I don’t use the word trauma much because it’s really a medical term and I don’t like to medicalise. But if I am to use it now I will use it because you invited me to put it I those terms. Yeah, we’re traumatised in all kinds of ways from all kinds of directions. And we cope with it. Hardly anybody lives what we would think of as an ideal life or anything even close to an ideal life. And so we have to deal with it.
Let me tell you why I resist using the word trauma. Even though lots of other people do. It’s because if you say trauma, in these days, in the current context, it invites people to think back about how they were raped as a child, or how they were beaten mercilessly for something or other, to particular moments of catastrophic impact. In my experience, for most people, the particular moments of catastrophic impact are not as important as the ongoing deprivation. The ongoing wreckage of community and home life that goes on consistently. The word trauma tends to pinpoint it in a way that I don’t find it so useful to pinpoint.
I’ll give you a personal example, which is, I was raped as a child by a group of older boys. Well, but my life was reasonably okay and around that, and, you know, I never told anybody and I don’t think that these pinpoint traumas in most cases are really an adequate answer. I think if we’re searching for why am I so screwed up, well we might turn it back to a pinpoint trauma, but much more likely it’s the day after day drip, drip, drip of dislocation, of fragmentation of society of these kinds of things. Least that’s the way I conceptualise it.
I wondered if you were elected to be the president of Canada and you had run on a platform of ‘Make Canada Imaginative Again’, what might be some of the things that you might do in your first 100 days in office?
Well, what a good question. Somebody asked me a question like that 30 years ago and I remember it clearly because in those days I felt I knew the answer. And I said, “Well my first answer is to take your television set over to the dump and then just put a big rock through its big eye.” But you can’t do that these days because we have screens everywhere. On every part of your body there are little screens staring at you.
You can’t get rid of the input of the homogenising, globalising, stupidising system that we live in. We can’t do that. What I do and what I do with my children and my own grandchildren is to try to make them feel safe and comfortable and protected and loved, all of that, and then just to give them opportunities to let their little minds go. And they go! They dazzle me. I have a two and a half year old grandson now who absolutely dazzles me. We go on long walks, and his game is to take his little ball, his little tiny red ball – it’s actually a marble, it’s a glass ball – and he flings it into the woods as far as he can. Well of course he’s only two and a half, he can only throw about three metres. That’s his range. And then we go find it. And we hunt and hunt and hunt until we find it. Then he flings it again and we hunt it.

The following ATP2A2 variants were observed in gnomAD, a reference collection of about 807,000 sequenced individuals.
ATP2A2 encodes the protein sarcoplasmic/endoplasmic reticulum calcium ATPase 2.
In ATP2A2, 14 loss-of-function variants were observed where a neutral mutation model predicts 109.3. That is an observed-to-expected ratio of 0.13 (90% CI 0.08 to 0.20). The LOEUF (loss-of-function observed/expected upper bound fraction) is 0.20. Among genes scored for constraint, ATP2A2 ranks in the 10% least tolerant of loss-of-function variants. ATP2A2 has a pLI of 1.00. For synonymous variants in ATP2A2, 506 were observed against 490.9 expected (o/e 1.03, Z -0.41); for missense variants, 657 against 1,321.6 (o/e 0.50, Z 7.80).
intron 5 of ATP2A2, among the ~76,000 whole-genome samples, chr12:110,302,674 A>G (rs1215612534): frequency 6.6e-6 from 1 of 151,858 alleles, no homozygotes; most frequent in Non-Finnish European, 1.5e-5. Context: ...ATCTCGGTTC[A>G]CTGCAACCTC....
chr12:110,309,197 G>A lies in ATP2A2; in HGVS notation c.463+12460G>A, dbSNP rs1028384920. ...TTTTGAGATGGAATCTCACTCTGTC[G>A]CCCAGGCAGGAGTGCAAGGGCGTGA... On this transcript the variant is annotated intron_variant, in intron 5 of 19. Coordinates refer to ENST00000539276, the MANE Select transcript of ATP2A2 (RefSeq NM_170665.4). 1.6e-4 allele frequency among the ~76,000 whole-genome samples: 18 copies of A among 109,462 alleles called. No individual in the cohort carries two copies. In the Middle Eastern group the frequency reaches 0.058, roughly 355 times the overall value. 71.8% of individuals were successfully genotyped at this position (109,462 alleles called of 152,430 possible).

Now that’s his game, but us as grandparents have the time to do this. Parents don’t have the time to do that, usually, but grandparents do. And so what can we do for these children? Make them feel comfortable and secure, and then let rip. Let their little minds go because we don’t need to give them any stimulation. They’ve got it all in there and their imaginations are just bursting to come out. That’s how I understand it.
In terms of society more widely, do you think something like the idea of a Universal Basic Income, which is an idea that’s being increasingly proposed around the world, would be something that would take away a lot of those factors that you’re talking about in terms of uncertainty and stress and exhaustion that currently seem to be one of the factors eroding imagination? Do you think something like universal basic income would help to overcome the things you’re talking about?
Sure, it would help but it’s nothing like adequate. For example I remember the 1950s, the 1960s, in which in Canada, we had universal income, in the sense that anybody who didn’t have any money could just go down to the welfare office and they’ve be given what they need. I mean, not enough, but enough to get by. But it’s not enough. It’s a very good thing, and the obscene income inequality that we live with is absolutely destructive. It’s horrible. So of course we need something of the nature of this universal income, but that’s not all people need.